Lawmakers are poised once again to debate road funding in South Carolina but say a solution will not be quick.
A week before the two-year legislative session begins, lawmakers are divided along many of the same fault lines that have stymied passage of bills in past years to increase the state's gas tax, last raised in 1987.
The Legislature last year stalled on plans to increase the tax but passed a bill that could mean almost $4 billion more for South Carolina roads over the next decade, primarily through bonds. The state's leaders said then they would tackle the issue of how to provide a more sustainable revenue source for road and bridge needs this year.
A new House proposal would raise the tax by 2 cents per year over five years, while a Senate plan would increase it by 4 cents over three years.
But two potential obstacles remain to any increase. Some senators say they want to see true reform in governance at the state Department of Transportation passed first.
Last year, lawmakers gave the governor the authority to appoint all highway commissioners with the advice, consent and screening of legislators, who would also have to approve the removal of any commissioner.
Sen. Tom Davis, a Beaufort Republican who has filibustered past attempts to raise the gas tax to force debate on DOT reform, described what was done last year as "fake reform."
"We haven't put the governor in charge," he said Thursday at a panel of lawmakers during a South Carolina Press Association workshop. "We don't have a restructured DOT. It is still controlled by the Legislature."
Davis said he does not want to discuss any gas tax increase until the Legislature first passes, and the governor signs, what he says is actual reform at the highway agency.
Senate Majority Leader Shane Massey of Edgefield said the current governance system at DOT "is not where I think we need to be."
"I think we need to continue to work on the structure of the department," he said. "I think it makes sense to do the reform first. It's just going to be a little more difficult."
House Speaker Pro Tempore Tommy Pope says the agency is not responsive to people.
"When you look at agencies that are strictly under the governor's office, not necessarily from a fiscal standpoint but from a citizen standpoint ... bringing all the power up top is not necessarily the answer," he said. "I think transparency and accountability are the answer. We've got to show that they are accountable. I believe from what I've seen that they are, but we've got to do a better job of telling the citizens that."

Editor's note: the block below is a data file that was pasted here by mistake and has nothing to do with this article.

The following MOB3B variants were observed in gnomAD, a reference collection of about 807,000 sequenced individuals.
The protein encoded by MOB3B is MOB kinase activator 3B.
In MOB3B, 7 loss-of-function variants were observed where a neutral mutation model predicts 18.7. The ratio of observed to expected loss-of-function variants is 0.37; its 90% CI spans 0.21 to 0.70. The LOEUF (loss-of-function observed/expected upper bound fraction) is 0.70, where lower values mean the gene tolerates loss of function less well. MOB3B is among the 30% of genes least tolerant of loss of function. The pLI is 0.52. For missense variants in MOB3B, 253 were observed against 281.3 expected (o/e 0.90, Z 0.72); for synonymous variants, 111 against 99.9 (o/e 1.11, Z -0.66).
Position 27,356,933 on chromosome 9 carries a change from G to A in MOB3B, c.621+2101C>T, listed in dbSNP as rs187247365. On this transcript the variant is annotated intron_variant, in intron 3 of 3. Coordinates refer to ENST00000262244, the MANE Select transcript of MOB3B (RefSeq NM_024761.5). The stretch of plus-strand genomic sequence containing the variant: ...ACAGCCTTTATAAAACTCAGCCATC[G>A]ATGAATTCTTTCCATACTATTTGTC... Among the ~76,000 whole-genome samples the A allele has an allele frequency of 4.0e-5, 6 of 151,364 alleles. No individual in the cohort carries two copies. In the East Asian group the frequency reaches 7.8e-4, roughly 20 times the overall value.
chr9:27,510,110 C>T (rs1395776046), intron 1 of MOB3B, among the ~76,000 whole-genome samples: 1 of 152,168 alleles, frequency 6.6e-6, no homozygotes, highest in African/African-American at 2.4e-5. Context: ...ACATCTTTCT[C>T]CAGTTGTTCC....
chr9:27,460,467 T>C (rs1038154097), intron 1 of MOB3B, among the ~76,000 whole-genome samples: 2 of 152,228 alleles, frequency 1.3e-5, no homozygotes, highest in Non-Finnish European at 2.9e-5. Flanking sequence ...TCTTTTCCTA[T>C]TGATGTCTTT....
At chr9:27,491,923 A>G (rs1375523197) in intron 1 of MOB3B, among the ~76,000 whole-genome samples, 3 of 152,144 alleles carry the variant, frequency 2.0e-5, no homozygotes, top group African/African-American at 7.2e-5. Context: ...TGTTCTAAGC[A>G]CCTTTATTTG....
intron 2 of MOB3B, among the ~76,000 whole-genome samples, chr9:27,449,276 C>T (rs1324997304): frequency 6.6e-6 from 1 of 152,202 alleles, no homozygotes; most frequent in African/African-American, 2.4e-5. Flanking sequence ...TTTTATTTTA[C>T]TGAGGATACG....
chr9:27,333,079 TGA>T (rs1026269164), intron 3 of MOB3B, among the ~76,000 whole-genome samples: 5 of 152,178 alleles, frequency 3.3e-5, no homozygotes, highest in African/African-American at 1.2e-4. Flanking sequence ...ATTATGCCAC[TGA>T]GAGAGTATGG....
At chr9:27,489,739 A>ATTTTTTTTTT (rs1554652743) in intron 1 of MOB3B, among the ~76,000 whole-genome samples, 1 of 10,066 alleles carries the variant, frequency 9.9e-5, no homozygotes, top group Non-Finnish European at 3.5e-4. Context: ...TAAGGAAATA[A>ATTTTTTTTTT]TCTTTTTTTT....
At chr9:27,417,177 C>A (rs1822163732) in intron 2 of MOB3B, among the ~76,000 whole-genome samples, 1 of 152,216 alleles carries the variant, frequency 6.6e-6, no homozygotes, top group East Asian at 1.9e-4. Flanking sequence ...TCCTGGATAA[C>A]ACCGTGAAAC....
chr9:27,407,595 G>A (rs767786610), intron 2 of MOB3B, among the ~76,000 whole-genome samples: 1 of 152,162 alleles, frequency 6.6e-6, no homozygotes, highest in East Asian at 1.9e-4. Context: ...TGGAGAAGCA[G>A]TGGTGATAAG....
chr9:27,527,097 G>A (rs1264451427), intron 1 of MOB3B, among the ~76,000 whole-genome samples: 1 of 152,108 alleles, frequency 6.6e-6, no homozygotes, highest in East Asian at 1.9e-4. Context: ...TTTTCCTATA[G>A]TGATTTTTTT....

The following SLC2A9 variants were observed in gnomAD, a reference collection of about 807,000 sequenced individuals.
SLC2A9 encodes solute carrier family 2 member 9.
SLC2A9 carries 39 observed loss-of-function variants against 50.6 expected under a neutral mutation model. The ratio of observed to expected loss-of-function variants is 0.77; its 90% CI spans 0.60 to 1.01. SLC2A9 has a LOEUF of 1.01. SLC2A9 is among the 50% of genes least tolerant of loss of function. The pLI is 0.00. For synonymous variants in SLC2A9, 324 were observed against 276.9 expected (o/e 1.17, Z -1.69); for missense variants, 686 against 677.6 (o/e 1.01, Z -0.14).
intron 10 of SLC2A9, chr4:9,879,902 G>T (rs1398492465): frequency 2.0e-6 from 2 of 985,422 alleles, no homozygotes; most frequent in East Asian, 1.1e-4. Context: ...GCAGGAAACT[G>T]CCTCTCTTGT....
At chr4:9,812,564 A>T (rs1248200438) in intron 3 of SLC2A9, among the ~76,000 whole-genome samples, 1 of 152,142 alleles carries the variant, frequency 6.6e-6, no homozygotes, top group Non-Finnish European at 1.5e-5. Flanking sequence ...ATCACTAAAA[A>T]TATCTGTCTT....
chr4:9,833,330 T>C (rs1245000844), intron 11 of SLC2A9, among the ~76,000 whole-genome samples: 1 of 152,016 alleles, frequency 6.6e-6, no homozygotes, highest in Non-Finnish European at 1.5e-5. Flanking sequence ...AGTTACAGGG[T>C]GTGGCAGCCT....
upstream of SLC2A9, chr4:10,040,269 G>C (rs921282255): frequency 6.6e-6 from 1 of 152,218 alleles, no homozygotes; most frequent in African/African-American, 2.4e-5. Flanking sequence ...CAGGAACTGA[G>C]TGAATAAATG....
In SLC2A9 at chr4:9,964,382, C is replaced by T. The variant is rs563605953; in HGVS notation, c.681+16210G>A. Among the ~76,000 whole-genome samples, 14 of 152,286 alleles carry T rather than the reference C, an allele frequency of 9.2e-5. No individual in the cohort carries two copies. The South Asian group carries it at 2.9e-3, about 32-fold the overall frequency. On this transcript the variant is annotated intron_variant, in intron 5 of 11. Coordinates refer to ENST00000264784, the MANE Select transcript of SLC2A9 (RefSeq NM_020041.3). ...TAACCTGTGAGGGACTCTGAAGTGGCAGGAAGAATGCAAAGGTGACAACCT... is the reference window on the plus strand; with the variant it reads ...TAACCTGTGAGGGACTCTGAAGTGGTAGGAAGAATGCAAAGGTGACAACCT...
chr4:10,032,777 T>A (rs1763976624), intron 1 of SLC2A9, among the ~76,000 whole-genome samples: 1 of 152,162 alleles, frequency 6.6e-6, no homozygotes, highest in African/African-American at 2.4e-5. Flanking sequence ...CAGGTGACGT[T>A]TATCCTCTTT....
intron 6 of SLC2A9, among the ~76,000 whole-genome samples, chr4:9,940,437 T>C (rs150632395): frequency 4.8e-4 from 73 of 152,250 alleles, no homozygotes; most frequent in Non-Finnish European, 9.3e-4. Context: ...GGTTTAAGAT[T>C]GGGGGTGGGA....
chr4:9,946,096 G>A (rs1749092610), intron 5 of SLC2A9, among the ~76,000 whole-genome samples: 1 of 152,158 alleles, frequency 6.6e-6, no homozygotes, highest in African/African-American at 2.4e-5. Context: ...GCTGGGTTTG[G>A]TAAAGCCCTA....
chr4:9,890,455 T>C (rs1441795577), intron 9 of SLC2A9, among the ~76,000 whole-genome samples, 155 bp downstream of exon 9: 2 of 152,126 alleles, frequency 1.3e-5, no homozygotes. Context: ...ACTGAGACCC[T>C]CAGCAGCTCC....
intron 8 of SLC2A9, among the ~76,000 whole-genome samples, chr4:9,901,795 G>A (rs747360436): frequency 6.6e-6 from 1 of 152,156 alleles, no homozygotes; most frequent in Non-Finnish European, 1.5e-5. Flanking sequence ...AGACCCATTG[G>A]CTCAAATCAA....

Sen. Sean Bennett, a Dorchester County Republican who is is a sponsor of a bill that would increase the gas tax and enact tax cuts and credits, said he is not OK with delaying debate on that bill until a reform measure is passed..He said to do so would take lawmakers down the same rocky road they traveled last year on the issue.
"We've got to deal with both of these issues," he said. "Most people agree we need more resources to our Department of Transportation to fix these roads and we've got to have that discussion on the best way to do that.".
The other possible roadblock to any gas tax increase, lawmakers say, is whether a new governor will continue Gov. Nikki Haley's demand that any gas tax increase be accompanied by significant tax cuts as well as DOT reform or face a veto. Lt. Gov. Henry McMaster is set to take over as governor if and when Haley, nominated by President-elect Donald Trump as United Nations ambassador, is confirmed, and he hasn't voiced his feelings on the issue.
Sen. Vincent Sheheen, a Camden Democrat, said if McMaster takes Haley's stance he doesn't believe any gas tax bill will pass.
"If he says he would sign a bill like that, then there will be enough votes between Democrats and some Republicans to pass it," he said. "If he says he will veto it, then I would not anticipate you would see something."
Sen. John Matthews, an Orangeburg County Democrat, agrees.
"If he's willing to work with the General Assembly, we can probably get something done," he said.
House Majority Leader Gary Simrill of Rock Hill, who last year championed road-funding legislation in the House, said the need to increase funding remains, but he is advocating for a phased-in approach because contractors would not be available if all the funding were provided at once since North Carolina and Georgia last year passed road-funding bills and contractors will be busy there.
But he said the state needs a sustainable funding increase like the gas tax if it wants to attract contractors and paving companies to invest in the state.
He also said in addition to crumbling roads, safety also is now a major issue because of large increases in road fatalities. He said DOT is asking for an additional $40 million over two years for safety improvements.
Democrats said they are not interested in a road-funding bill that provides tax relief mostly to the state's most affluent, repeating their complaint of past tax-relief proposals.
"If it is more targeted, if it focuses on a real problem in South Carolina, which is local industrial property tax rates which is a tremendous problem for local South Carolina businesses, then maybe there is room for consensus to emerge," Sheheen said.
He said he thinks tolls also need to be on the table to improve or widen interstates, including I-95, which he called a "disgrace to South Carolina."
"We ought not be be afraid to talk about it," he said.
Even with many of the same political obstacles that existed last year, Massey said he is optimistic that lawmakers can reach some agreement.
"I think there is now more of an opportunity than in years past," he said.